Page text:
Hi folks, I’m Zach Bulick. A designer and illustrator from Vancouver, British Columbia, with Texas running through my veins. When I’m not drawing things, or trying to find decent Mexican food in Canada, I’m the Creative Director for a non-profit based in the Vancouver’s historic Downtown Eastside. My organization serves an amazing community and works with people to help them overcome homelessness, poverty, and addiction.
I first heard about the Epicenter from my design mentor, Kara. She encouraged me to apply and I thought it would be a fun experience. It was, but it was more. Trying to sum it up is complicated. You live a lifetime in the span of a few weeks, but here’s a small glimpse into my Green River story.
The first week Maria and I lead a screen printing workshop in the high school. Students designed and printed their own shirts, and asked me questions about Canada (yeah, it’s cold. For real). The students and teachers were great, but what stood out to me was the trust that the Epicenter had built within the community. During my fellowship this was affirmed again and again throughout the community. It was clear that this city wasn’t a project for some ambitious graduates, but a place to call home, a place with roots, with neighbours and friends rather than clients or strangers.
Week two brought Summer Summit! The weekend was magic, and I felt a huge privilege to be able to meet so many of the people that had touched, built, and helped shape where Epicenter is today. Artists, designers, makers, doers, all instigators in one way or another, now out in the world impacting their respective communities, and i’m proud to now count myself an alumni. I can’t wait for next year’s reunion and group skydiving! (wink).
A month isn’t a long time, and once I was past the second week, the days became a countdown to leaving what I had spent the first two weeks getting so attached to. Amidst the dread, I lead a community Typography workshop. We talked about the history of type, experimented with different kinds of drawing methods, and created a spatial type installation.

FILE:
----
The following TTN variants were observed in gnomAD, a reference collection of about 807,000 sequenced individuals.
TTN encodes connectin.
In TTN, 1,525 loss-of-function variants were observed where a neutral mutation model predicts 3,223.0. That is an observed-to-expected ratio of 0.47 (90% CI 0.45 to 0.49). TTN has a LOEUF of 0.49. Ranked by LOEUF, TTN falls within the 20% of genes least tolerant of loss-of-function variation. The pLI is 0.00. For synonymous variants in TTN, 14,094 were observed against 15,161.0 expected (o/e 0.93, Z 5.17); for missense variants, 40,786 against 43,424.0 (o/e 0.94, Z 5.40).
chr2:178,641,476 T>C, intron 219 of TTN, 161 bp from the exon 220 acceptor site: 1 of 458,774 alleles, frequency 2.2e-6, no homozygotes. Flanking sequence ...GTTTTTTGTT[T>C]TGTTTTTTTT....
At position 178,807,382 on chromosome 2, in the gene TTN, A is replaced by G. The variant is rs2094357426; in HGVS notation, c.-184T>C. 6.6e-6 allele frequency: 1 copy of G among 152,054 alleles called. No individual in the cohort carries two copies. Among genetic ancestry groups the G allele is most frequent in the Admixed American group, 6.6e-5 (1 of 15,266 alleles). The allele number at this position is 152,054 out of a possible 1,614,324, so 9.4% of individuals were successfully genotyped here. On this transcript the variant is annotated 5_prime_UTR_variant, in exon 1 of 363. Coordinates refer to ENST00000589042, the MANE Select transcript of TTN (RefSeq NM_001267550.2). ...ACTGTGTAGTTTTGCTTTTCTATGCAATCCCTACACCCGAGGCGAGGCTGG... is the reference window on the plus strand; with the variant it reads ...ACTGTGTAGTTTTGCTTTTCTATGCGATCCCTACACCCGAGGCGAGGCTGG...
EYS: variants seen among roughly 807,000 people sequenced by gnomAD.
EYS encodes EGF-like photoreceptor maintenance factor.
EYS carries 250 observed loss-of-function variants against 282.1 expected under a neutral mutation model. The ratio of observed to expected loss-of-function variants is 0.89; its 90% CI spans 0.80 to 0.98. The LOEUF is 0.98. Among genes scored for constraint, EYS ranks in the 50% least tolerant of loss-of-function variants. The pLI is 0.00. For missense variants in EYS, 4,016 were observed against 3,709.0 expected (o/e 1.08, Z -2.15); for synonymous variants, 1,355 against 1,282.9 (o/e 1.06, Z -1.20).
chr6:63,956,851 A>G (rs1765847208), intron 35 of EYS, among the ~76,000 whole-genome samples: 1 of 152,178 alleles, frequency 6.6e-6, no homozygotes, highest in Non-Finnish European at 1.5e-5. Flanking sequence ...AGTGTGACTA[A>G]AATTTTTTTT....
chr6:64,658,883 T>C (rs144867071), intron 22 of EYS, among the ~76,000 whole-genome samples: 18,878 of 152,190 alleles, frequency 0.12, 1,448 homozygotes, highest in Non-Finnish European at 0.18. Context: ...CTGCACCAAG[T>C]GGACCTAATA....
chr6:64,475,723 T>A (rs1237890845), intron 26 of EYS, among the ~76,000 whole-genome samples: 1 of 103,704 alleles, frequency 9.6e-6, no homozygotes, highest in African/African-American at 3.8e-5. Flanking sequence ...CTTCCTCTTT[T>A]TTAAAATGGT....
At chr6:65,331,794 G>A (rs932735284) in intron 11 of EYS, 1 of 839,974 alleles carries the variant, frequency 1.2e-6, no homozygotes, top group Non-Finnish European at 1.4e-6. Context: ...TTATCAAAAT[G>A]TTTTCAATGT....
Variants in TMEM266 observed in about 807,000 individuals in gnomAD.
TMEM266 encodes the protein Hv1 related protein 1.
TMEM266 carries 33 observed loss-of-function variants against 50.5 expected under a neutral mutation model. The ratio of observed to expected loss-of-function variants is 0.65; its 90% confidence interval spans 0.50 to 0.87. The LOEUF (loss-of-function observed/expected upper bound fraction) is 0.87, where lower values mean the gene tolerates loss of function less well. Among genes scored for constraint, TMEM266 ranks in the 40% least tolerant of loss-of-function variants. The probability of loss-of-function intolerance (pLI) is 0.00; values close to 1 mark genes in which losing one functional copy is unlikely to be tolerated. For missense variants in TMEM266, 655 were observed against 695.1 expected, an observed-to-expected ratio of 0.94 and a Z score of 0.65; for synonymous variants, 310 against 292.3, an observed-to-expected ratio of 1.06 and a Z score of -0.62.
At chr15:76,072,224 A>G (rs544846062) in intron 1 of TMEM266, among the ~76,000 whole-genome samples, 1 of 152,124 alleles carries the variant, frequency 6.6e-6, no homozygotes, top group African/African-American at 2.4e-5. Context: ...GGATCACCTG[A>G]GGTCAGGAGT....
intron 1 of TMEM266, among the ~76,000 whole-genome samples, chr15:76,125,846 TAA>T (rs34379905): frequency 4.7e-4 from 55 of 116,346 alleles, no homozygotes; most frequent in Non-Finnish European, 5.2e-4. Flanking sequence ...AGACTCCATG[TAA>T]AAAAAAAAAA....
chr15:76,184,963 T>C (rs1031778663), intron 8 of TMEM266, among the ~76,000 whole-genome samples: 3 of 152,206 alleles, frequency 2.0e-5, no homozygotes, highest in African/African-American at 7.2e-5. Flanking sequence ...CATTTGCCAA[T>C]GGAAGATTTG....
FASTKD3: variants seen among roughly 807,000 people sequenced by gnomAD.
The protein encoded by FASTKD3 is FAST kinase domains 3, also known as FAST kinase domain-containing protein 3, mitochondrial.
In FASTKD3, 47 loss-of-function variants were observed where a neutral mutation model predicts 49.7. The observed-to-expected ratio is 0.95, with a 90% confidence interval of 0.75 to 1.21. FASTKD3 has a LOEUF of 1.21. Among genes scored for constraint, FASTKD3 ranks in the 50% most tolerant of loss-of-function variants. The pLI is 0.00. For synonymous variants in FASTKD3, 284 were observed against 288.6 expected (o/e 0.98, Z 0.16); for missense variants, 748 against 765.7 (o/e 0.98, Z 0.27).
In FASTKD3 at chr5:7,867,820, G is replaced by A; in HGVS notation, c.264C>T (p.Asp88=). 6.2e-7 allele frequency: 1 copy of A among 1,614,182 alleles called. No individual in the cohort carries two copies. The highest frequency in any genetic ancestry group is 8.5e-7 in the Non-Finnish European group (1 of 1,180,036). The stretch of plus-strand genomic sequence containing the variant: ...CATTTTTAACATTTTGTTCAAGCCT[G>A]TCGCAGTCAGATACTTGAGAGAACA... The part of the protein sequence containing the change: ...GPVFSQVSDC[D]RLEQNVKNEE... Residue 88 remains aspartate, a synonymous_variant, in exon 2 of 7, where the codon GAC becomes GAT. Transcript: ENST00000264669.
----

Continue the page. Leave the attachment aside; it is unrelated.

The workshop was on the same day as a local high schooler’s Quinceañera. She invited the Epicenter crew, and graciously extended that invitation to me. I felt honored to be invited to such a special event for someone I barely knew, so for the spatial type installation, we decided to create a giant “J” out of traditional mexican paper flowers. We surprised the birthday girl with it installed on the door of the venue. She loved it and the evening was a huge party. Delicious food, dancing in lazers, and coveting botas. The thing dreams are made of, really.
I initially came to the Epicenter to observe how they integrate design process into their programs and community engagement. What I’ve taken away is much more. I leave this place with friends and experiences that are irreplaceable. The Epicenter crew and the Green River community have a way of embracing you in unexpected ways, leaving you more full of life, encouragement, and affirmation, than when you arrived.
Thank you Green River. Thank you Epicenter. See you soon.
We are ecstatic to kick off our Summer Series of Art workshops with our very own Frontier Fellow, Zach Bulick! Zach is a master of type and design, plus he is simply a pure joy to work with. This Saturday, June 8th at 11am we will explore the world of type, experiment with our own fonts, make prints and cards, and create a large scale type installation. YAY!
Thanks to the United Way of Eastern Utah, the Epicenter is able to host special art workshops for our local community members (and of course, all visitors are welcome) through our Arts and Culture Experience, also known as the ACE Program. Hope to see you there!